“I read this one and I was like, ‘Oh my god,’” said Gulli in an interview with the New York Times. “From the perspective of a short story editor, this one really interested me. There was something universal about it with the gourmet, the cat, the family conflict and the tension.”

In the story, a famous chef working at a fictional restaurant called The Amiable Fleas is fretting over the impeding visit of a restaurant critic, while relying upon his cat, Apollo, to taste his food and nod an approval or disapproval.

The lighter Steinbeck fare, a far cry from his weighty work in epic novels like The Grapes of Wrath, is available in the current issue of The Strand on newsstands now.


After Seattle, road-tripping bibliophiles will undoubtedly make their way to Portland, Oregon, to visit Powell’s, one of the ten best indie shops in the world, according to readers polled by the Guardian. I agree — it’s sprawling but well signposted, and fun surprises await around every corner. I could have spent all day there, but, on this occasion, two hours had to suffice. Book purchased: The Faithful Executioner, a 2013 non-fiction title based on the journal of a Renaissance-era executioner found in a “dusty German bookshop.” You had me at dusty German bookshop.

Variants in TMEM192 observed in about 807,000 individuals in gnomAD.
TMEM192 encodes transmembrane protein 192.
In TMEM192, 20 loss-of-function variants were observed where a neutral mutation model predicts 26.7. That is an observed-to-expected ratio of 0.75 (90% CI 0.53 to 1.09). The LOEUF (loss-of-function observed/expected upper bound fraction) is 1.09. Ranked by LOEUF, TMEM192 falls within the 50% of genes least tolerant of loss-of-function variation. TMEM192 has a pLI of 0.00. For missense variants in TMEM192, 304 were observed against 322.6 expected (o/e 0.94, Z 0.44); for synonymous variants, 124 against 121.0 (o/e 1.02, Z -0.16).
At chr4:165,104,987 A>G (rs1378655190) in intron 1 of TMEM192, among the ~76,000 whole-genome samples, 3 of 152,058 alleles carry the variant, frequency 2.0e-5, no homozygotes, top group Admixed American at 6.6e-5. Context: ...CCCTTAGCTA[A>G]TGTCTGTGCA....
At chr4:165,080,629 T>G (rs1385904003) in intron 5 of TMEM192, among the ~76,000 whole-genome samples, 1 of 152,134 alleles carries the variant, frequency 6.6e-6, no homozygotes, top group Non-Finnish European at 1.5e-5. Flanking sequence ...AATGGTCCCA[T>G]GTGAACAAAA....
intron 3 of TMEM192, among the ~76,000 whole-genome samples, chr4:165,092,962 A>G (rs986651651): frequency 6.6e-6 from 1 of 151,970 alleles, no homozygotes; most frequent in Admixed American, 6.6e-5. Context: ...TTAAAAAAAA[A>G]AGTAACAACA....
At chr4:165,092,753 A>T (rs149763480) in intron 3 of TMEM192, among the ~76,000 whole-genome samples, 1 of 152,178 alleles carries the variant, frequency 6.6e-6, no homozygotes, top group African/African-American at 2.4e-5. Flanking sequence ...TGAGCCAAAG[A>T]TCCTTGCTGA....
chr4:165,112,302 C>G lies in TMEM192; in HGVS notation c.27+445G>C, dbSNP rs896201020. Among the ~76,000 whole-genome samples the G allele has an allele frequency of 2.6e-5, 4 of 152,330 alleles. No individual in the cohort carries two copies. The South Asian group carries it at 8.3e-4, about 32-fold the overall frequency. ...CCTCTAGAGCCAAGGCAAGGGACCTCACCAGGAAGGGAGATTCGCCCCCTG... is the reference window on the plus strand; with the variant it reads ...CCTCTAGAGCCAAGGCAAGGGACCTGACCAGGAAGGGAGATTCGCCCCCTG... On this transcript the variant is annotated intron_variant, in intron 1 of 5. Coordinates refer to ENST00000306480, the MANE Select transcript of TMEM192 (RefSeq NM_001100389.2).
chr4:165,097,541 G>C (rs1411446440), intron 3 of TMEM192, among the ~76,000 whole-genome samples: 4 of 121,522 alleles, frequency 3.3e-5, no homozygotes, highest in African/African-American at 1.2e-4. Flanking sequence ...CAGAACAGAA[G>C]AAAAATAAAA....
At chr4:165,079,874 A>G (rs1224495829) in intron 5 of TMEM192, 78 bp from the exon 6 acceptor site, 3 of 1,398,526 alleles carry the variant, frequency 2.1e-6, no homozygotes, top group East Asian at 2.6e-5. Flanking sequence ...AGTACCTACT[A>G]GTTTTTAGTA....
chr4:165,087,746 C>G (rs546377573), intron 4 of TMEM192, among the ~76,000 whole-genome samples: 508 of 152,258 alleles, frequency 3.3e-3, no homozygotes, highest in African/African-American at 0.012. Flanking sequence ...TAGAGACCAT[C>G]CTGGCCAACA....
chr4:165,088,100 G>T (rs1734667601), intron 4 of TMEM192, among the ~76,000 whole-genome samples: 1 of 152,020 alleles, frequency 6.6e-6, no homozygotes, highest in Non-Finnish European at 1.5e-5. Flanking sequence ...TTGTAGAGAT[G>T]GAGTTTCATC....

Next stop: California.

Here are the auctions I'll be watching this week:

Doyle New York holds an online sale of Angling & Miscellaneous Books from the Library of Arnold "Jake" Johnson, ending on Tuesday, August 13. The 365 lots include a copy of the 1866 Little, Brown edition of Izaak Walton's Complete Angler in a binding by the Philadelphia firm Pawson & Nicholson ($800–1,200). A photo album documenting a fishing trip on Quebec's Saguenay River around 1900 could fetch $500–800; a first edition of John Brown's The American Angler's Guide (1845), the first angling book written by an American, rates the same estimate.

Heritage Auctions sells The Glynn and Suzanne Crain Science Fiction Collection on Tuesday and Wednesday (August 13–14), in 461 lots. Several pieces of original cover art are expected to lead the way: they include James Allen St. John's 1922 oil on board painting used for the dust jacket of Edgar Rice Burroughs' At the Earth's Core (estimated at $75,000+). A full set of first U.S. editions of all seven Harry Potter books (the first four signed by Rowling) had been bid up to $12,500 as of Sunday afternoon.

Also on Wednesday, Dominic Winter Auctioneers sells 251 lots of Printed Books, Maps & Documents. A 64-volume set of Pevsner's The Buildings of England, Wales & Scotland is estimated at £400–600, or you could buy a 72-volume lot of bindings (£300–500). Several large lots of Folio Society publications are also up for grabs.

On Saturday, August 17, Addison & Sarova hold a 614-lot sale of Rare Books & Ephemera. Among the books and manuscripts, an 1807 passport signed by both Jefferson and Madison is estimated at $3,000–5,000. A first edition of Johann Joachim Becker's 1660 work on metals could sell for $2,000–4,000. A log book documenting the June–December 1838 voyage of the American whaler William is estimated at $2,000–3,000. The two-volume 1763 catalogue of the library of Camille Falconet, largely priced in manuscript, rates an estimate of $1,500–2,500. A 1790–99 ledger kept by William Ellery as customs collector of Newport is estimated at just $700–1,000.